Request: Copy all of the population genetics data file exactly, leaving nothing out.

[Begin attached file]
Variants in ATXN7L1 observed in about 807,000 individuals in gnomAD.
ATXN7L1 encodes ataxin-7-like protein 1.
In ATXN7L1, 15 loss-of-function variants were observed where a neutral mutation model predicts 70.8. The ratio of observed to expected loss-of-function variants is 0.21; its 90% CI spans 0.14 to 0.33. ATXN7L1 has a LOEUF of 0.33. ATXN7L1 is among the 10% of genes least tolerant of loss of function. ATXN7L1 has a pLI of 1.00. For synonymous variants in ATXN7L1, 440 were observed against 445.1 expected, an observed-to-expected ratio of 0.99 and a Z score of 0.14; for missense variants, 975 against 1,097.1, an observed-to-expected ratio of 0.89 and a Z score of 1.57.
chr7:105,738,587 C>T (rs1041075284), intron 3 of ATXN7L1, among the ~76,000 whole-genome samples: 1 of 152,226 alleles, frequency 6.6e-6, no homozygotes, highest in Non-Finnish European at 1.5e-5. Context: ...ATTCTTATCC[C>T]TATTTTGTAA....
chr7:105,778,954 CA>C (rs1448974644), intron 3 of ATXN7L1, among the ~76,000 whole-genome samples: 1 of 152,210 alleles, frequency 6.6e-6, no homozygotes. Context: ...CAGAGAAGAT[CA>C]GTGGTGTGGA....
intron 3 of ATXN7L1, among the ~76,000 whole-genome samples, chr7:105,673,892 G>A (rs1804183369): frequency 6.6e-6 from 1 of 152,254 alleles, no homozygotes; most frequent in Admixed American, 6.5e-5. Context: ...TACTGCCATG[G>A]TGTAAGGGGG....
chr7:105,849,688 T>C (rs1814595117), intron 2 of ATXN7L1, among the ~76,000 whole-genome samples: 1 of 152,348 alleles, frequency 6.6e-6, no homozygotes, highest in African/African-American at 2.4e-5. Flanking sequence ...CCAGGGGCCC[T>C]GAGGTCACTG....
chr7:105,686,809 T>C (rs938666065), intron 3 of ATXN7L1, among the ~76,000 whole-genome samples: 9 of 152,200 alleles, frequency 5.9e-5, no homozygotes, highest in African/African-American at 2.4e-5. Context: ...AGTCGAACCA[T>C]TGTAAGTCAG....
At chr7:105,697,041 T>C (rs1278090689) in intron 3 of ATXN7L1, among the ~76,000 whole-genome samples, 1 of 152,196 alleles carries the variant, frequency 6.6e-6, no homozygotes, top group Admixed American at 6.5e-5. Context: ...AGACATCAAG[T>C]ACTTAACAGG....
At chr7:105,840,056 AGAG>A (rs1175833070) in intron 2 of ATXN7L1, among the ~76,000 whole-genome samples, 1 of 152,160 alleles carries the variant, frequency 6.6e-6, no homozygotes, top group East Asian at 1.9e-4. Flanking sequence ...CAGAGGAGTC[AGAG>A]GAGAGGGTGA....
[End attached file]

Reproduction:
Variants in ATXN7L1 observed in about 807,000 individuals in gnomAD.
ATXN7L1 encodes ataxin-7-like protein 1.
In ATXN7L1, 15 loss-of-function variants were observed where a neutral mutation model predicts 70.8. The ratio of observed to expected loss-of-function variants is 0.21; its 90% CI spans 0.14 to 0.33. ATXN7L1 has a LOEUF of 0.33. ATXN7L1 is among the 10% of genes least tolerant of loss of function. ATXN7L1 has a pLI of 1.00. For synonymous variants in ATXN7L1, 440 were observed against 445.1 expected, an observed-to-expected ratio of 0.99 and a Z score of 0.14; for missense variants, 975 against 1,097.1, an observed-to-expected ratio of 0.89 and a Z score of 1.57.
chr7:105,738,587 C>T (rs1041075284), intron 3 of ATXN7L1, among the ~76,000 whole-genome samples: 1 of 152,226 alleles, frequency 6.6e-6, no homozygotes, highest in Non-Finnish European at 1.5e-5. Context: ...ATTCTTATCC[C>T]TATTTTGTAA....
chr7:105,778,954 CA>C (rs1448974644), intron 3 of ATXN7L1, among the ~76,000 whole-genome samples: 1 of 152,210 alleles, frequency 6.6e-6, no homozygotes. Context: ...CAGAGAAGAT[CA>C]GTGGTGTGGA....
intron 3 of ATXN7L1, among the ~76,000 whole-genome samples, chr7:105,673,892 G>A (rs1804183369): frequency 6.6e-6 from 1 of 152,254 alleles, no homozygotes; most frequent in Admixed American, 6.5e-5. Context: ...TACTGCCATG[G>A]TGTAAGGGGG....
chr7:105,849,688 T>C (rs1814595117), intron 2 of ATXN7L1, among the ~76,000 whole-genome samples: 1 of 152,348 alleles, frequency 6.6e-6, no homozygotes, highest in African/African-American at 2.4e-5. Flanking sequence ...CCAGGGGCCC[T>C]GAGGTCACTG....
chr7:105,686,809 T>C (rs938666065), intron 3 of ATXN7L1, among the ~76,000 whole-genome samples: 9 of 152,200 alleles, frequency 5.9e-5, no homozygotes, highest in African/African-American at 2.4e-5. Context: ...AGTCGAACCA[T>C]TGTAAGTCAG....
At chr7:105,697,041 T>C (rs1278090689) in intron 3 of ATXN7L1, among the ~76,000 whole-genome samples, 1 of 152,196 alleles carries the variant, frequency 6.6e-6, no homozygotes, top group Admixed American at 6.5e-5. Context: ...AGACATCAAG[T>C]ACTTAACAGG....
At chr7:105,840,056 AGAG>A (rs1175833070) in intron 2 of ATXN7L1, among the ~76,000 whole-genome samples, 1 of 152,160 alleles carries the variant, frequency 6.6e-6, no homozygotes, top group East Asian at 1.9e-4. Flanking sequence ...CAGAGGAGTC[AGAG>A]GAGAGGGTGA....